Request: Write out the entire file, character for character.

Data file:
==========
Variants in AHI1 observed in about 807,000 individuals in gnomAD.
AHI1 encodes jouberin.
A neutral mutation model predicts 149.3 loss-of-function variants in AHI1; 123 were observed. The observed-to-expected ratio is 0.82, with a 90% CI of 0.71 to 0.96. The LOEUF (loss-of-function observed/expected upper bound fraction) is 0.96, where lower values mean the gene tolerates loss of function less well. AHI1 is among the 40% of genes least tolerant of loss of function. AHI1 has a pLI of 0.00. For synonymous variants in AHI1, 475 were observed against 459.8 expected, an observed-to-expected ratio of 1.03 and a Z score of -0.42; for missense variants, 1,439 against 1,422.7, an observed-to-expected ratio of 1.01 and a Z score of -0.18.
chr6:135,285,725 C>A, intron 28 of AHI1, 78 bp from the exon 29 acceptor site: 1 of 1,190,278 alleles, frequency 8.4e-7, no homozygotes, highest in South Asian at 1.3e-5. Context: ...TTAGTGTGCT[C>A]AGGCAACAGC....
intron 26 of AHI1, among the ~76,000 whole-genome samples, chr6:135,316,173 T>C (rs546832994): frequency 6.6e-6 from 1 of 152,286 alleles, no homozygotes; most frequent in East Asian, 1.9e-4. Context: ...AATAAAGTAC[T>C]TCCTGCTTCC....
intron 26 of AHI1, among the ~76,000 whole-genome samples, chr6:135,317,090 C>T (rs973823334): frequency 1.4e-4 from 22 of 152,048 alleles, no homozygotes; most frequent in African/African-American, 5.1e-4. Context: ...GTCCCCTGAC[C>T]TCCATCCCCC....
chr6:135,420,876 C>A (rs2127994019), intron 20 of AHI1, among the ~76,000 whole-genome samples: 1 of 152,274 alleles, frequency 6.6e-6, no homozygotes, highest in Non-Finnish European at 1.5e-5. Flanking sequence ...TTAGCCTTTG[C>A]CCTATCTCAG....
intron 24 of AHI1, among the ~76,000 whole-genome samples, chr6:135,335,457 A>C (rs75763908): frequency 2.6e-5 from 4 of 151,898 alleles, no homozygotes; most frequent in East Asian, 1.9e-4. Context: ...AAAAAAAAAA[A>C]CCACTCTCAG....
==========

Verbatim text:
Variants in AHI1 observed in about 807,000 individuals in gnomAD.
AHI1 encodes jouberin.
A neutral mutation model predicts 149.3 loss-of-function variants in AHI1; 123 were observed. The observed-to-expected ratio is 0.82, with a 90% CI of 0.71 to 0.96. The LOEUF (loss-of-function observed/expected upper bound fraction) is 0.96, where lower values mean the gene tolerates loss of function less well. AHI1 is among the 40% of genes least tolerant of loss of function. AHI1 has a pLI of 0.00. For synonymous variants in AHI1, 475 were observed against 459.8 expected, an observed-to-expected ratio of 1.03 and a Z score of -0.42; for missense variants, 1,439 against 1,422.7, an observed-to-expected ratio of 1.01 and a Z score of -0.18.
chr6:135,285,725 C>A, intron 28 of AHI1, 78 bp from the exon 29 acceptor site: 1 of 1,190,278 alleles, frequency 8.4e-7, no homozygotes, highest in South Asian at 1.3e-5. Context: ...TTAGTGTGCT[C>A]AGGCAACAGC....
intron 26 of AHI1, among the ~76,000 whole-genome samples, chr6:135,316,173 T>C (rs546832994): frequency 6.6e-6 from 1 of 152,286 alleles, no homozygotes; most frequent in East Asian, 1.9e-4. Context: ...AATAAAGTAC[T>C]TCCTGCTTCC....
intron 26 of AHI1, among the ~76,000 whole-genome samples, chr6:135,317,090 C>T (rs973823334): frequency 1.4e-4 from 22 of 152,048 alleles, no homozygotes; most frequent in African/African-American, 5.1e-4. Context: ...GTCCCCTGAC[C>T]TCCATCCCCC....
chr6:135,420,876 C>A (rs2127994019), intron 20 of AHI1, among the ~76,000 whole-genome samples: 1 of 152,274 alleles, frequency 6.6e-6, no homozygotes, highest in Non-Finnish European at 1.5e-5. Flanking sequence ...TTAGCCTTTG[C>A]CCTATCTCAG....
intron 24 of AHI1, among the ~76,000 whole-genome samples, chr6:135,335,457 A>C (rs75763908): frequency 2.6e-5 from 4 of 151,898 alleles, no homozygotes; most frequent in East Asian, 1.9e-4. Context: ...AAAAAAAAAA[A>C]CCACTCTCAG....